Past Program

Nov 07 - Nov 10, 2008

2008 LAWSS Symposium - Which Way for Europe? The Reform Treaty and the European Union


In 2005, European Union officials were sent back to the drawing board in their attempts to streamline the often inefficient and slow-reacting bodies of the European Union. Referenda in France and the Netherlands had rejected the proposed constitution showing just how difficult achieving unanimity across the continent can be. The result of the next two years of revision and renewed compromise, the Treaty of Lisbon (or Reform Treaty), looked ready to take the place of the failed constitution and achieve greater efficiency in the internal workings of Europe’s institutions, assign a single figure to the implementation of the block’s foreign policy, and improve cooperation on EU internal security. June 2008, however, saw the rise of a major stumbling block in the Union’s progress as the people of Ireland, the only country to hold a referendum on ratification, rejected it.

While support for the Treaty is strong amongst European governments, the recent “no” vote in Ireland highlights the degree to which concerns about national sovereignty and a general lack of understanding about the role of the Treaty still abound amongst Europe’s citizens. An increase in the number of policy areas decided by a majority rather than consensus would change the face of politics at the EU level, as would the introduction of representation based on population. How would the newly created High Representative for Foreign Policy and Security deal with rifts within the EU around policy toward strategic partners such as the USA, NATO, and the Union’s neighbor Russia? Would the High Representative push the EU towards the eventual use of the community method on Common Foreign and Security Policy despite current reluctance on the part of national governments to relinquish such decisions? Progress in reform of Justice and Home Affairs will open decisions on very sensitive issues including asylum, immigration, visa policy, data protection, and criminal justice to the realm of majority voting, but would protocols allowing countries to “opt-out” or use an “emergency brake” should they feel their national systems infringed upon, detract from real unity? In addition to all these issues, European law makers must now also consider how to drive reform forward, if at all. The 2008 LAWSS symposium will focus on the possible futures of the European Union's new reform treaty, the practical implications of the expansion of the EU on current and future member countries, and jurisdictional issues regarding EU legislation procedures and legal frameworks.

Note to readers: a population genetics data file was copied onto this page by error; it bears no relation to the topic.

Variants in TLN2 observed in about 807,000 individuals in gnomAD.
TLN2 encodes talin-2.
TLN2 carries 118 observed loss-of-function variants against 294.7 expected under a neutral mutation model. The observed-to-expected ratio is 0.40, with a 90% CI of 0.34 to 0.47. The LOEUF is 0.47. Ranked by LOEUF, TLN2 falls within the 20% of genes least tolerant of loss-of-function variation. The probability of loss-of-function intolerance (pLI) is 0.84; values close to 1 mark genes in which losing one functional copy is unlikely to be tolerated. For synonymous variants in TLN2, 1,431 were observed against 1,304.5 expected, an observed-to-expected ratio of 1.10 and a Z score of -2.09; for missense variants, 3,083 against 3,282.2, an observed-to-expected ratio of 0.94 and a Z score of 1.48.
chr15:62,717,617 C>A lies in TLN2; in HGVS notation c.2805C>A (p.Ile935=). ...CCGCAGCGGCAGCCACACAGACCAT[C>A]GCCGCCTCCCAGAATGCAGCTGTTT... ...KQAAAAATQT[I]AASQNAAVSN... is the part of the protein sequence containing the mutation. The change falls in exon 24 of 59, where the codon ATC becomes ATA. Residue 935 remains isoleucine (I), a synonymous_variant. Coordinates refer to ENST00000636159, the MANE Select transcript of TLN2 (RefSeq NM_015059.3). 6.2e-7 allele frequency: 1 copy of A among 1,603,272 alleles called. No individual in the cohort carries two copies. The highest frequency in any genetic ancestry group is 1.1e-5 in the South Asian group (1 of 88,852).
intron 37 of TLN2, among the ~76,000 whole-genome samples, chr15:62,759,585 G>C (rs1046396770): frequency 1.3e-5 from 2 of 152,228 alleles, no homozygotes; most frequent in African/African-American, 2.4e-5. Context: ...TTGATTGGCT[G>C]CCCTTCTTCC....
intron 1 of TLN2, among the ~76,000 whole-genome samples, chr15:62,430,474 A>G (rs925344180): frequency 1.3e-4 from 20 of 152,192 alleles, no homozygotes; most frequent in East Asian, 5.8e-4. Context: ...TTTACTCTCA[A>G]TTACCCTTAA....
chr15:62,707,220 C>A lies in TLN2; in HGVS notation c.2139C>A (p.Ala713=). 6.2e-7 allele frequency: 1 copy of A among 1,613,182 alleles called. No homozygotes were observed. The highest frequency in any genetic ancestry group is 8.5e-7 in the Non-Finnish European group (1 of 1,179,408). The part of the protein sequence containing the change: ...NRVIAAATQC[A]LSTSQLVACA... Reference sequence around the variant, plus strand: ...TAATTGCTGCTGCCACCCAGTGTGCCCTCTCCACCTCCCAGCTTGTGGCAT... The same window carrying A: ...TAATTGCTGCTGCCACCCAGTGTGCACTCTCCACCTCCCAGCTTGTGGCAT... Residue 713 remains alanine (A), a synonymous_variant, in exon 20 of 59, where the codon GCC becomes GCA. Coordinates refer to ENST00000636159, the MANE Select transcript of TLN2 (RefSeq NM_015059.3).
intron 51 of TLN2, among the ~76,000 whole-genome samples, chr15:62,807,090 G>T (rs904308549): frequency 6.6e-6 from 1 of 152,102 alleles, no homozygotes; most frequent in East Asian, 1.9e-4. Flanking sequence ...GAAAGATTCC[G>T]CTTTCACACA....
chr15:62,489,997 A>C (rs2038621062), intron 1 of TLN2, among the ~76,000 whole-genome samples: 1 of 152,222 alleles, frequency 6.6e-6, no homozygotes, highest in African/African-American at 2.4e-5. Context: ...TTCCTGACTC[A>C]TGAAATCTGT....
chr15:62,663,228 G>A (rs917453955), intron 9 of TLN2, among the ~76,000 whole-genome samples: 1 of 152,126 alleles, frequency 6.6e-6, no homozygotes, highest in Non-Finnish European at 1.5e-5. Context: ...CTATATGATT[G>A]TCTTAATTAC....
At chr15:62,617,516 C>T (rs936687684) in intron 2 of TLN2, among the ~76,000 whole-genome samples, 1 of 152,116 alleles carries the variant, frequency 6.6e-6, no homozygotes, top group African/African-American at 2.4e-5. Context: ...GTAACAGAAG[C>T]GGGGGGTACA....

The Symposium is open to all the Salzburg Seminar alumni and young professionals of exceptional promise interested in law on a space available basis. Alumni are welcome to bring guests. The program will include plenary presentations, discussion and working groups. In addition, informal events include a concert, barbeque, receptions, gala dinner and a tour of the famous Salzburg Lake District.

Payment Information: The fee for this symposium is 600€ for a single room and 950€ for a double room. The fee includes room and board for three nights, tuition, tour, fees, and social events. Special discounts for children under 12 are available on request. Payment may be made by credit card or by bank transfer: (Bankhaus Carl Spängler & Co., Salzburg, Account No.: AT 401953000100180942; BIC: SPAEAT2S UID-No.: ATU33978602).

In order to reserve a space, a completed registration form and a 100 Euro deposit (refundable until October 1, 2008) is required. Spaces are limited and reservations will be confirmed in the order in which they are received. For further information, contact Ian Brown in the Salzburg Global Seminar alumni office (